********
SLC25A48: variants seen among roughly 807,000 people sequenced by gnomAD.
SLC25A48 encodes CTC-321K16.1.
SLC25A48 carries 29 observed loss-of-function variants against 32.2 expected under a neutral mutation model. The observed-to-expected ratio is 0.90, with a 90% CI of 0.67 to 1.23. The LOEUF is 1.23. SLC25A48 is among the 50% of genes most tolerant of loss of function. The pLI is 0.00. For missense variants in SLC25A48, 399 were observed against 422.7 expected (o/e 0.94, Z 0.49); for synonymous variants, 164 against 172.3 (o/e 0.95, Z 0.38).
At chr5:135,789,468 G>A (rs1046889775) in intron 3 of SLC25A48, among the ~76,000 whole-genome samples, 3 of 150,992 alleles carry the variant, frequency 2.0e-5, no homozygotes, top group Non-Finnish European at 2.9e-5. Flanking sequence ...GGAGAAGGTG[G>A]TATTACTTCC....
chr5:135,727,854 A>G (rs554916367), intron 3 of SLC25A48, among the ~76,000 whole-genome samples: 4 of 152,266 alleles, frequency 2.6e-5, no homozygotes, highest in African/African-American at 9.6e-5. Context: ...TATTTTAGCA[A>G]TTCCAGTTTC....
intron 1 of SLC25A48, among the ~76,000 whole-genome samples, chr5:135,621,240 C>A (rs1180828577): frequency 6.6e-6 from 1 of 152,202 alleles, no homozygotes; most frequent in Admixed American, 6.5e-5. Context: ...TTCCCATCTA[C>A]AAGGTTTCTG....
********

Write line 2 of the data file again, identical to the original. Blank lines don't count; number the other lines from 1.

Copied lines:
SLC25A48 encodes CTC-321K16.1.